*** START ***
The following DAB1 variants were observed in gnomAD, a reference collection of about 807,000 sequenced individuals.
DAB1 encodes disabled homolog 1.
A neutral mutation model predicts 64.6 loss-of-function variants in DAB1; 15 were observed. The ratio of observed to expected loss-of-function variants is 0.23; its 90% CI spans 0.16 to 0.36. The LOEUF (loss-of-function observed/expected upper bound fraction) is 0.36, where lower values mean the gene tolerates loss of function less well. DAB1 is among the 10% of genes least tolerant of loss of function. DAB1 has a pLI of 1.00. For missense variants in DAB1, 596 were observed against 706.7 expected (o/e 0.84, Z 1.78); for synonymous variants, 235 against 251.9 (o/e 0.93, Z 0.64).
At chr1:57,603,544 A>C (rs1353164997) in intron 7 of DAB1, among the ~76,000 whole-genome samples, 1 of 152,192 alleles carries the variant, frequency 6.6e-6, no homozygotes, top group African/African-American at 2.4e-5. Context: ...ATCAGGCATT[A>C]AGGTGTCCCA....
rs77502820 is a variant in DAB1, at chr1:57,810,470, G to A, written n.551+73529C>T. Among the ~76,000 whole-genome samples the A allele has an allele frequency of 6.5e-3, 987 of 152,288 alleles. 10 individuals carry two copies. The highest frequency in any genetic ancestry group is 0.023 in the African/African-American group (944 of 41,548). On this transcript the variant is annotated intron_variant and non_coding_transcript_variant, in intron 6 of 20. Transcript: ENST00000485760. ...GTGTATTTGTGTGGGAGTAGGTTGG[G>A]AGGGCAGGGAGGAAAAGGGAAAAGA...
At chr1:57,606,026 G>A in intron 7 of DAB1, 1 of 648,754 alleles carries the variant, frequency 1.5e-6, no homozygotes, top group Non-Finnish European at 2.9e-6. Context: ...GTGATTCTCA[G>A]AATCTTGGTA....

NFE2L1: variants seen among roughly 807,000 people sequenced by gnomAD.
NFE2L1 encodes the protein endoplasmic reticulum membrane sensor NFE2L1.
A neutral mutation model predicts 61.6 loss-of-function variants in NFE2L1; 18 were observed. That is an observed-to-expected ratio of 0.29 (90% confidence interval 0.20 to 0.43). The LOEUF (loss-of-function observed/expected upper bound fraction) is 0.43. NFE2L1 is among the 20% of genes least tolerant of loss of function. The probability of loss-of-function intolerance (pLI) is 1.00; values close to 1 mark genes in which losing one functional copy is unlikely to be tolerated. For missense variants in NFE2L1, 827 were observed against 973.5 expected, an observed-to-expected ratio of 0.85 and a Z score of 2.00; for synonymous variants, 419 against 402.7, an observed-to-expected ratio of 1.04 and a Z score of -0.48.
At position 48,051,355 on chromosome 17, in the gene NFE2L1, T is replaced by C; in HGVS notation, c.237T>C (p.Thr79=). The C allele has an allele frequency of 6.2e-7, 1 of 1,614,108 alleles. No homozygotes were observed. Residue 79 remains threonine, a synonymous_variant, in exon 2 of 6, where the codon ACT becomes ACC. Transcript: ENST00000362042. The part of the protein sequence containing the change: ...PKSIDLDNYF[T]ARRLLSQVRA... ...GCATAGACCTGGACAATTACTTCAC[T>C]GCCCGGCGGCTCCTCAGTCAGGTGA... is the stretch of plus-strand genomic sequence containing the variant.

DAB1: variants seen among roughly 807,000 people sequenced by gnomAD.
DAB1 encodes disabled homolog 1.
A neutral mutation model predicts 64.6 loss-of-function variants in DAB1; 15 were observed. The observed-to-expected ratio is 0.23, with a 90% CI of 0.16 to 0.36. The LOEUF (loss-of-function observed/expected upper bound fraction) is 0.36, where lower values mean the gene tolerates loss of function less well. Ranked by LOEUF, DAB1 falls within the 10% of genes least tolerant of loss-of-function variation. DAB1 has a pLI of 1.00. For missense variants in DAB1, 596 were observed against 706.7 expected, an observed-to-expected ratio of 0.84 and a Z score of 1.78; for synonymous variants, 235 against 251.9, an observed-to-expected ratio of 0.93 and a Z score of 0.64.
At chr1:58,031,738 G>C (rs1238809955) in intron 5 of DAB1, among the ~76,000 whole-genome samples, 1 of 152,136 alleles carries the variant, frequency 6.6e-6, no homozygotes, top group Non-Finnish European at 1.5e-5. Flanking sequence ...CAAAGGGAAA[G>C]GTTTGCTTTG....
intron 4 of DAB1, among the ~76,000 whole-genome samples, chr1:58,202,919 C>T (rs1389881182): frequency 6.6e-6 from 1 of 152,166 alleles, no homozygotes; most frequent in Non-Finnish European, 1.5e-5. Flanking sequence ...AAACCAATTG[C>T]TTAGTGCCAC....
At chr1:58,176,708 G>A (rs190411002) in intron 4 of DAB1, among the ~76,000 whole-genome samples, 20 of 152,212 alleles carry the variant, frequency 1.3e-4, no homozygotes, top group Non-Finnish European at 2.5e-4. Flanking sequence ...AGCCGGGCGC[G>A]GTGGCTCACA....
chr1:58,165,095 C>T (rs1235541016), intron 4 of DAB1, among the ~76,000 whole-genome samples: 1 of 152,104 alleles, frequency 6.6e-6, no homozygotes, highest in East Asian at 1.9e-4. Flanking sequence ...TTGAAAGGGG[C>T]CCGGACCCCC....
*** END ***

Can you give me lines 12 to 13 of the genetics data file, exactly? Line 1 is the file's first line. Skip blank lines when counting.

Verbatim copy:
DAB1 encodes disabled homolog 1.
A neutral mutation model predicts 64.6 loss-of-function variants in DAB1; 15 were observed. The observed-to-expected ratio is 0.23, with a 90% CI of 0.16 to 0.36. The LOEUF (loss-of-function observed/expected upper bound fraction) is 0.36, where lower values mean the gene tolerates loss of function less well. Ranked by LOEUF, DAB1 falls within the 10% of genes least tolerant of loss-of-function variation. DAB1 has a pLI of 1.00. For missense variants in DAB1, 596 were observed against 706.7 expected, an observed-to-expected ratio of 0.84 and a Z score of 1.78; for synonymous variants, 235 against 251.9, an observed-to-expected ratio of 0.93 and a Z score of 0.64.